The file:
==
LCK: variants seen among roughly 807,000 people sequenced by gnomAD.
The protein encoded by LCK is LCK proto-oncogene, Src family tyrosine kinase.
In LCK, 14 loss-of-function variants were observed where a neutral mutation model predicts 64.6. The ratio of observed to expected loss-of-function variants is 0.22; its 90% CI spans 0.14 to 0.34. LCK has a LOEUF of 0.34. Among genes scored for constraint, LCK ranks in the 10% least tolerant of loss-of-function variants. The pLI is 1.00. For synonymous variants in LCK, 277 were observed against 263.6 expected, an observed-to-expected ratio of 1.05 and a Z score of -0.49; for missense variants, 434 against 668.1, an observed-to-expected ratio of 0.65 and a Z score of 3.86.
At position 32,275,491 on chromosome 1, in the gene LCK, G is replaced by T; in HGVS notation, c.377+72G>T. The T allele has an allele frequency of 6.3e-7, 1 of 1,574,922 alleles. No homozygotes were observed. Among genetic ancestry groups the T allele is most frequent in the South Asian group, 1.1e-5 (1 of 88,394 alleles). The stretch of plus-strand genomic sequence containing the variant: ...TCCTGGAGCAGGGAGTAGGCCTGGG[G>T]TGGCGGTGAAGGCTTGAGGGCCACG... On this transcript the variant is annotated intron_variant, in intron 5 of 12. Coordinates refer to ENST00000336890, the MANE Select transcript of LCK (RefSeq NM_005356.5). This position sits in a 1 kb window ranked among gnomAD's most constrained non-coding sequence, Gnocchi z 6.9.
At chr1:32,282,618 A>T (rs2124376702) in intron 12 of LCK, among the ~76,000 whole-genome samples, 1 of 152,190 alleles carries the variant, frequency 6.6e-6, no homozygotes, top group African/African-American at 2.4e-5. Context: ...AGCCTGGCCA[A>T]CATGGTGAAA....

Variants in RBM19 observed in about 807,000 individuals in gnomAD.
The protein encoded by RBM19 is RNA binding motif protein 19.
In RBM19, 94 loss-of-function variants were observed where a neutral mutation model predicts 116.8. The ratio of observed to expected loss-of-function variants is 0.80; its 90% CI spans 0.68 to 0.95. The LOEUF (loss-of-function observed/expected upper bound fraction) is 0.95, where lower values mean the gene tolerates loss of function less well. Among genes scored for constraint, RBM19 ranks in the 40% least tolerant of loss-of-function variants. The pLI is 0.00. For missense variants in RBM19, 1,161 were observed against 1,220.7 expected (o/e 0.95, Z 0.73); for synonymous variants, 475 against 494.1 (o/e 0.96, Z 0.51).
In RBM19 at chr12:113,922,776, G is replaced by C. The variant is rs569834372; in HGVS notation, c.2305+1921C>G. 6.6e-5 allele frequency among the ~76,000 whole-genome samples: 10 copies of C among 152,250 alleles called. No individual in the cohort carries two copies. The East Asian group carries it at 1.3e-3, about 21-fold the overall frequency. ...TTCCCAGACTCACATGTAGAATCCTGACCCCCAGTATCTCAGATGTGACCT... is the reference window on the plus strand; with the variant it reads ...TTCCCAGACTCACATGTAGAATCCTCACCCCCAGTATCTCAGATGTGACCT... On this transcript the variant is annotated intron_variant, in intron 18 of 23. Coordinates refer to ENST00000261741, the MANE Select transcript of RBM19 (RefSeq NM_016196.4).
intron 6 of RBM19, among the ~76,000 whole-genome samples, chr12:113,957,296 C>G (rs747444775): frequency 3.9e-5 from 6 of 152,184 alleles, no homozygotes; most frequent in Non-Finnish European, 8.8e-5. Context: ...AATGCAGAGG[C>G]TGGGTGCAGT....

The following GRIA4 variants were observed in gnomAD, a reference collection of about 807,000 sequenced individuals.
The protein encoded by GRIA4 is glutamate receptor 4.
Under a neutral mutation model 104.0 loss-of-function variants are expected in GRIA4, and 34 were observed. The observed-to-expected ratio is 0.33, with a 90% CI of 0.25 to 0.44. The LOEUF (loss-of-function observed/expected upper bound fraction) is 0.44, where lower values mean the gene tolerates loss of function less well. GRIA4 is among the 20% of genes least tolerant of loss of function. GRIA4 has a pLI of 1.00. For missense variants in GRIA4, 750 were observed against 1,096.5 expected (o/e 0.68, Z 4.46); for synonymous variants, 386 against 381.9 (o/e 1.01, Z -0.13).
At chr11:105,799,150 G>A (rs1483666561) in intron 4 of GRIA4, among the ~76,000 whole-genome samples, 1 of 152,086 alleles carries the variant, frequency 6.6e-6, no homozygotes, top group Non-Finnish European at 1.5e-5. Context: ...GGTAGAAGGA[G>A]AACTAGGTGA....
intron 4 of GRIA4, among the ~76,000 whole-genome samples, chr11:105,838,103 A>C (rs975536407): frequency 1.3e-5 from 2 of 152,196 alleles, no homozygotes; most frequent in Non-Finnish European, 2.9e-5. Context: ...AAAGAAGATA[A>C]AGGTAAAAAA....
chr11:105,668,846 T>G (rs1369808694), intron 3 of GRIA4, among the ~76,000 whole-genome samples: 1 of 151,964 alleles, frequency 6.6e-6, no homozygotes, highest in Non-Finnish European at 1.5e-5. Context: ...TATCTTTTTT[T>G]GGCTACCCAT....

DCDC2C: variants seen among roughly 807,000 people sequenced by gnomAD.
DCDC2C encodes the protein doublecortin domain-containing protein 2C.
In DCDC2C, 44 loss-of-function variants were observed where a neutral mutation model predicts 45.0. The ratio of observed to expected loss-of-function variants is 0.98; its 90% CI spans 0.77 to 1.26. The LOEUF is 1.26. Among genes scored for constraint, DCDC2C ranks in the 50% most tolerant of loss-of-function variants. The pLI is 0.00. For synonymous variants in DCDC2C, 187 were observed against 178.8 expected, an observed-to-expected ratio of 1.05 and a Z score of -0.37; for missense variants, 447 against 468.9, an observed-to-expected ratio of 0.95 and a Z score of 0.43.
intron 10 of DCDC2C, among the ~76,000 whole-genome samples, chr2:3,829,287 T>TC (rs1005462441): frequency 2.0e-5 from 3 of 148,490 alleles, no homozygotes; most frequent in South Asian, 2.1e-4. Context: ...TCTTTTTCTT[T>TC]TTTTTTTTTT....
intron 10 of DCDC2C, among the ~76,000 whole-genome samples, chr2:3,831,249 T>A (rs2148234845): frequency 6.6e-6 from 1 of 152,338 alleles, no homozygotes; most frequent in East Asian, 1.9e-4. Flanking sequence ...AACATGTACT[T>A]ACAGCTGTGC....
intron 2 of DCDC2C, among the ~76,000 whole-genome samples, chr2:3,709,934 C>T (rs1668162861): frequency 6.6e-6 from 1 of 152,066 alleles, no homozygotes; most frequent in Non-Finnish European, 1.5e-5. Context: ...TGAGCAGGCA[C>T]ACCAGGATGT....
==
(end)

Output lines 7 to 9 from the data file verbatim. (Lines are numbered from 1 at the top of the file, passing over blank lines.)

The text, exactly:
The protein encoded by RBM19 is RNA binding motif protein 19.
In RBM19, 94 loss-of-function variants were observed where a neutral mutation model predicts 116.8. The ratio of observed to expected loss-of-function variants is 0.80; its 90% CI spans 0.68 to 0.95. The LOEUF (loss-of-function observed/expected upper bound fraction) is 0.95, where lower values mean the gene tolerates loss of function less well. Among genes scored for constraint, RBM19 ranks in the 40% least tolerant of loss-of-function variants. The pLI is 0.00. For missense variants in RBM19, 1,161 were observed against 1,220.7 expected (o/e 0.95, Z 0.73); for synonymous variants, 475 against 494.1 (o/e 0.96, Z 0.51).
In RBM19 at chr12:113,922,776, G is replaced by C. The variant is rs569834372; in HGVS notation, c.2305+1921C>G. 6.6e-5 allele frequency among the ~76,000 whole-genome samples: 10 copies of C among 152,250 alleles called. No individual in the cohort carries two copies. The East Asian group carries it at 1.3e-3, about 21-fold the overall frequency. ...TTCCCAGACTCACATGTAGAATCCTGACCCCCAGTATCTCAGATGTGACCT... is the reference window on the plus strand; with the variant it reads ...TTCCCAGACTCACATGTAGAATCCTCACCCCCAGTATCTCAGATGTGACCT... On this transcript the variant is annotated intron_variant, in intron 18 of 23. Coordinates refer to ENST00000261741, the MANE Select transcript of RBM19 (RefSeq NM_016196.4).